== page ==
TUCSON, AZ (Tucson News Now) - The Migr ant Quilt Project is one thread to the solution of what the organization calls a humanitarian crisis in our world.
The names of those who died crossing the border are stitched on quilts, even those who names are unknown.
"These people really made a courageous journey to come across the border for a better way of life," said Jody Ipsen, founder of the Migr ant Quilt Project.
The group patched a decade of migr ant memories by piecing together what was left behind in the desert by those trying to cross the U.S.- Mexico border.
"It's very personal but it also feels like a communication tool," Diana Rix, a volunteer with the organization, explained.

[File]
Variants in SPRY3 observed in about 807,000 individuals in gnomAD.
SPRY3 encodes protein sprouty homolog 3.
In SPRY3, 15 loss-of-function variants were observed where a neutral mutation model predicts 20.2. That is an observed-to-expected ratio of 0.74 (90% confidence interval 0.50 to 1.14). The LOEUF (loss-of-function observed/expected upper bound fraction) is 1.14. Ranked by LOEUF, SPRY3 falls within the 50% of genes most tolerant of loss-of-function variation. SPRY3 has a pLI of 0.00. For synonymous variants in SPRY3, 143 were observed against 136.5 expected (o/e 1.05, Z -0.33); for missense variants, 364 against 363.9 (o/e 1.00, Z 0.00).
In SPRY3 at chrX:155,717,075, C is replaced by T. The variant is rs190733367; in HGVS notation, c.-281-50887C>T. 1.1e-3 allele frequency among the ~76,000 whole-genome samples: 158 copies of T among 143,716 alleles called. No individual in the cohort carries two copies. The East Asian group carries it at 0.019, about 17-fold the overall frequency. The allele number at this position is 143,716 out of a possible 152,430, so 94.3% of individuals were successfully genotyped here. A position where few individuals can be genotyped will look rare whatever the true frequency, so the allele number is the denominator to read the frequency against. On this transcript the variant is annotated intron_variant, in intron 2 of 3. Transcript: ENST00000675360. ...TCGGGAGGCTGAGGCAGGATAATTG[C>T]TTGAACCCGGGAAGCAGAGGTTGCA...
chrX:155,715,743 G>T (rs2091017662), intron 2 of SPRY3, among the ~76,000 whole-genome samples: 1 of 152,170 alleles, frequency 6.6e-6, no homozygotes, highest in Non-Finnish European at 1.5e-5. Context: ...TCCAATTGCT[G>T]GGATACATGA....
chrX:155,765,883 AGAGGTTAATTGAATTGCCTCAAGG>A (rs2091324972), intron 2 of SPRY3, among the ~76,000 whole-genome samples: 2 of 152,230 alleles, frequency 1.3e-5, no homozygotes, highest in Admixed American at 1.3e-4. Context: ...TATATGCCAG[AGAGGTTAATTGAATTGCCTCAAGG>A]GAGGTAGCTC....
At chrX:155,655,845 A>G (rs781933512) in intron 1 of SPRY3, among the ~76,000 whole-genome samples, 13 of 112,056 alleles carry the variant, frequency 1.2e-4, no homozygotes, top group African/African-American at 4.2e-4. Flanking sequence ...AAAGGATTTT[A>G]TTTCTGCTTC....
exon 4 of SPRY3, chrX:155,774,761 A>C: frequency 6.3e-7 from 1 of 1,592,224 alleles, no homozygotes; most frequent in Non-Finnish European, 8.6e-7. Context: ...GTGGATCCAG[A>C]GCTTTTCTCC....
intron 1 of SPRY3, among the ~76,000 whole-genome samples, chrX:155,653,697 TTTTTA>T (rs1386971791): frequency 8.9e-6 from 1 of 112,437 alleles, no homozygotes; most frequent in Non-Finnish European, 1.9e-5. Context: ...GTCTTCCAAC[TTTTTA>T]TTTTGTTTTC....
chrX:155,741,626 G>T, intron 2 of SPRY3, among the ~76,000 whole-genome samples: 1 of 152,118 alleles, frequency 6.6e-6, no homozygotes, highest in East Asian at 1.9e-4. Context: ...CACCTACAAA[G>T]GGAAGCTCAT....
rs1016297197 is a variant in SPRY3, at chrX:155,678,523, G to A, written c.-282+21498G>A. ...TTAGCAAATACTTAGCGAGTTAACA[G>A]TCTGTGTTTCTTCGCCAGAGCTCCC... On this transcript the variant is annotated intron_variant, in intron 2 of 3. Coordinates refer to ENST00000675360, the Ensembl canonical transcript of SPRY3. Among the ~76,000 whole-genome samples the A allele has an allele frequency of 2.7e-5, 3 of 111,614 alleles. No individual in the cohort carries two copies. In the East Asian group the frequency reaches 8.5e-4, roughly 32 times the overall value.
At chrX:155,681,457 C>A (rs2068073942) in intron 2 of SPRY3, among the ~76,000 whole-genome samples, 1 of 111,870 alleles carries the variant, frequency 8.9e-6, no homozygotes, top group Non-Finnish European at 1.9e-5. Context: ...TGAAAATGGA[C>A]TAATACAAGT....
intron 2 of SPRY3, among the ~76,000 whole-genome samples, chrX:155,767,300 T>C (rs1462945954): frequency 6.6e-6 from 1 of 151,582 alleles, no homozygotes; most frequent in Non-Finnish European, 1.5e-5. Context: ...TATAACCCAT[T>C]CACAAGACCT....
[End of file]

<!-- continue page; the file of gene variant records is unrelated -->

Several volunteers help out, including a granddaughter of an immigrant herself, Mary Vaneecke doing her part to pin down history in the Tucson border sector.
"This was one way I can do something and get the word out on these migr ants," Vaneecke explained.
Quilts made of shirts, buttons, denim - some she recalled finding stitched with pesos.
"They were hiding money, little ten dollars in the seams of their jeans so they wouldn't be left with nothing in the middle of the desert," Vaneecke told Tucson News Now.
It's more than a project. It's a movement that has grown over the last decade by shedding light on the issues of the immigration, honoring the thousands who didn't survive their trek.
"It's a very truly emotional experience. After 10 years of doing this, I still weep. Many people do as well when they see," described Ipsen.
The Migr ant Quilt Project will be taking its show on the road and is preparing for a nationwide tour with each quilt creation, starting in April.